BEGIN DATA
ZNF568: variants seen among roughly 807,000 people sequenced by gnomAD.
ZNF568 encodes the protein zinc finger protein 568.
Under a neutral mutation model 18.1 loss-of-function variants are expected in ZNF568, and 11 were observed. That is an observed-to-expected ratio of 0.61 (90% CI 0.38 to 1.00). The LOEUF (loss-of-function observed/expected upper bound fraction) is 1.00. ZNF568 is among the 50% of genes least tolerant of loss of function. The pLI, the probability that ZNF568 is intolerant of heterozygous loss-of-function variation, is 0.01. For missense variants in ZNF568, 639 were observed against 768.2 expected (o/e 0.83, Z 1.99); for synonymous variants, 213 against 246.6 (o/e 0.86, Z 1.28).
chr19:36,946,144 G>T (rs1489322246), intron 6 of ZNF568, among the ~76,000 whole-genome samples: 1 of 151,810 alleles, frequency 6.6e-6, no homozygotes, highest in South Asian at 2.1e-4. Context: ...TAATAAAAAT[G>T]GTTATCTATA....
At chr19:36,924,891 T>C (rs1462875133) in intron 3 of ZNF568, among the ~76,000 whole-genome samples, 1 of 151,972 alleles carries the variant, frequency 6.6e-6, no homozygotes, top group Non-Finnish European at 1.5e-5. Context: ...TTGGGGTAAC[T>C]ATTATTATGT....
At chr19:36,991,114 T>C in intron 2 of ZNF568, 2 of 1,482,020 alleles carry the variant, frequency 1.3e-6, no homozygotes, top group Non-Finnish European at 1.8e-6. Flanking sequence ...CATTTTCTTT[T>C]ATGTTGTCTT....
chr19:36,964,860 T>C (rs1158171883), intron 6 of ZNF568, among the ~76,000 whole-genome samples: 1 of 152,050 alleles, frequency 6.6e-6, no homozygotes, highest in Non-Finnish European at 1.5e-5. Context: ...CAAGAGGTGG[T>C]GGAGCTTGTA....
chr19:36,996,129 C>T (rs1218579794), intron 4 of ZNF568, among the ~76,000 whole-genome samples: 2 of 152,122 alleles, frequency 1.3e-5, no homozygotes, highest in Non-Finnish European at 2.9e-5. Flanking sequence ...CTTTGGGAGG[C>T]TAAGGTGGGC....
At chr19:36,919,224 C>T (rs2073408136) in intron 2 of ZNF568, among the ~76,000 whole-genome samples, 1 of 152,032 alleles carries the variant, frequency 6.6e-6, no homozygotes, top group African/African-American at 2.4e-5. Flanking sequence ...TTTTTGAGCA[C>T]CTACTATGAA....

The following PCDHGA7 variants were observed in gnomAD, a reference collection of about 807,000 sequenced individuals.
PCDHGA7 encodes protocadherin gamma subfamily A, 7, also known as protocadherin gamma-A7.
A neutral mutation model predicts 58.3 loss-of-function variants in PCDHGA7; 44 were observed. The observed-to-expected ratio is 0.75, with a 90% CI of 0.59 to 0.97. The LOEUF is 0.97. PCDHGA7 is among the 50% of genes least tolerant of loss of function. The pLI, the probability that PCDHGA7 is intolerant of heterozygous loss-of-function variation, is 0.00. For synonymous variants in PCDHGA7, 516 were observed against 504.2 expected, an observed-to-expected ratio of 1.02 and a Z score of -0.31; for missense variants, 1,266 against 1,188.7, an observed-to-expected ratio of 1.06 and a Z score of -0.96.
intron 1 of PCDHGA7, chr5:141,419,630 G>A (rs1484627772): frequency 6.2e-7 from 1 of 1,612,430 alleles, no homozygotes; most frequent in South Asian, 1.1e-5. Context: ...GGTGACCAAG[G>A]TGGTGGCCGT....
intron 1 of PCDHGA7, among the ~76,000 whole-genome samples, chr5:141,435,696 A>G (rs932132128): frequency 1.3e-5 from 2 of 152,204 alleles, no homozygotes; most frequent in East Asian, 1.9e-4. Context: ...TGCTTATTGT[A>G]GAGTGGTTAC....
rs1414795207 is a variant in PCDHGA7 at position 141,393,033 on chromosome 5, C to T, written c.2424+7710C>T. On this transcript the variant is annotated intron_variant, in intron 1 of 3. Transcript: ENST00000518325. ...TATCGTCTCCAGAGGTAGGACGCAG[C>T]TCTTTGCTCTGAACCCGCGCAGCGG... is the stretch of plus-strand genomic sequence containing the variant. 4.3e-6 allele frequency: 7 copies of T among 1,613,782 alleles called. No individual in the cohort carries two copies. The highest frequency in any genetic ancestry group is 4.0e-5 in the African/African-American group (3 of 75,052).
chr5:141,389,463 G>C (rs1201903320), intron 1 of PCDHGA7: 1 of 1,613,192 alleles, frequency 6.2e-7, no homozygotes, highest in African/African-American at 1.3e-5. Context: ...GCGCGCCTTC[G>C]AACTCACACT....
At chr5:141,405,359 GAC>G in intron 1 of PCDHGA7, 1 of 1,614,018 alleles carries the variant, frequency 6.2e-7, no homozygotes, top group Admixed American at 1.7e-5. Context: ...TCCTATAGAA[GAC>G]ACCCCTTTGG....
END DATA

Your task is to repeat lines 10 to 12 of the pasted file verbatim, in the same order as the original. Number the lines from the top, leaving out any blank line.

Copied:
The following PCDHGA7 variants were observed in gnomAD, a reference collection of about 807,000 sequenced individuals.
PCDHGA7 encodes protocadherin gamma subfamily A, 7, also known as protocadherin gamma-A7.
A neutral mutation model predicts 58.3 loss-of-function variants in PCDHGA7; 44 were observed. The observed-to-expected ratio is 0.75, with a 90% CI of 0.59 to 0.97. The LOEUF is 0.97. PCDHGA7 is among the 50% of genes least tolerant of loss of function. The pLI, the probability that PCDHGA7 is intolerant of heterozygous loss-of-function variation, is 0.00. For synonymous variants in PCDHGA7, 516 were observed against 504.2 expected, an observed-to-expected ratio of 1.02 and a Z score of -0.31; for missense variants, 1,266 against 1,188.7, an observed-to-expected ratio of 1.06 and a Z score of -0.96.